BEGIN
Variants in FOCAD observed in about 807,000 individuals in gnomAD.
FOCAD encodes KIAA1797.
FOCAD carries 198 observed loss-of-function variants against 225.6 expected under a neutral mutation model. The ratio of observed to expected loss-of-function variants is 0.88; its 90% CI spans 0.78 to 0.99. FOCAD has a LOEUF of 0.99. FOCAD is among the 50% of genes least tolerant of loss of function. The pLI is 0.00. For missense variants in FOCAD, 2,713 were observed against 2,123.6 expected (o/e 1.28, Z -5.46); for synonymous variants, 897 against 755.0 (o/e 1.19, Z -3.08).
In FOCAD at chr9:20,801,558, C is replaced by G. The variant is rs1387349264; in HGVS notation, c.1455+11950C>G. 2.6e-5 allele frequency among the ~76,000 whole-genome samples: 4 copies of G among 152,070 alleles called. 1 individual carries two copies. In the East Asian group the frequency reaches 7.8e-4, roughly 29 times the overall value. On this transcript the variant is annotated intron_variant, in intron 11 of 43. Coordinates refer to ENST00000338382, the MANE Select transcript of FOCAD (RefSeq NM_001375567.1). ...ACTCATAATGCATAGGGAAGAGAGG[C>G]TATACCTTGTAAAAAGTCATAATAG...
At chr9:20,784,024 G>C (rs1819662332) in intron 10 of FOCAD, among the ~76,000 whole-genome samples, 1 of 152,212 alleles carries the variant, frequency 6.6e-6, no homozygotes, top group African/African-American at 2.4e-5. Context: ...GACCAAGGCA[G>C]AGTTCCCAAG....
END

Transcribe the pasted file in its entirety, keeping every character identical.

Variants in FOCAD observed in about 807,000 individuals in gnomAD.
FOCAD encodes KIAA1797.
FOCAD carries 198 observed loss-of-function variants against 225.6 expected under a neutral mutation model. The ratio of observed to expected loss-of-function variants is 0.88; its 90% CI spans 0.78 to 0.99. FOCAD has a LOEUF of 0.99. FOCAD is among the 50% of genes least tolerant of loss of function. The pLI is 0.00. For missense variants in FOCAD, 2,713 were observed against 2,123.6 expected (o/e 1.28, Z -5.46); for synonymous variants, 897 against 755.0 (o/e 1.19, Z -3.08).
In FOCAD at chr9:20,801,558, C is replaced by G. The variant is rs1387349264; in HGVS notation, c.1455+11950C>G. 2.6e-5 allele frequency among the ~76,000 whole-genome samples: 4 copies of G among 152,070 alleles called. 1 individual carries two copies. In the East Asian group the frequency reaches 7.8e-4, roughly 29 times the overall value. On this transcript the variant is annotated intron_variant, in intron 11 of 43. Coordinates refer to ENST00000338382, the MANE Select transcript of FOCAD (RefSeq NM_001375567.1). ...ACTCATAATGCATAGGGAAGAGAGG[C>G]TATACCTTGTAAAAAGTCATAATAG...
At chr9:20,784,024 G>C (rs1819662332) in intron 10 of FOCAD, among the ~76,000 whole-genome samples, 1 of 152,212 alleles carries the variant, frequency 6.6e-6, no homozygotes, top group African/African-American at 2.4e-5. Context: ...GACCAAGGCA[G>C]AGTTCCCAAG....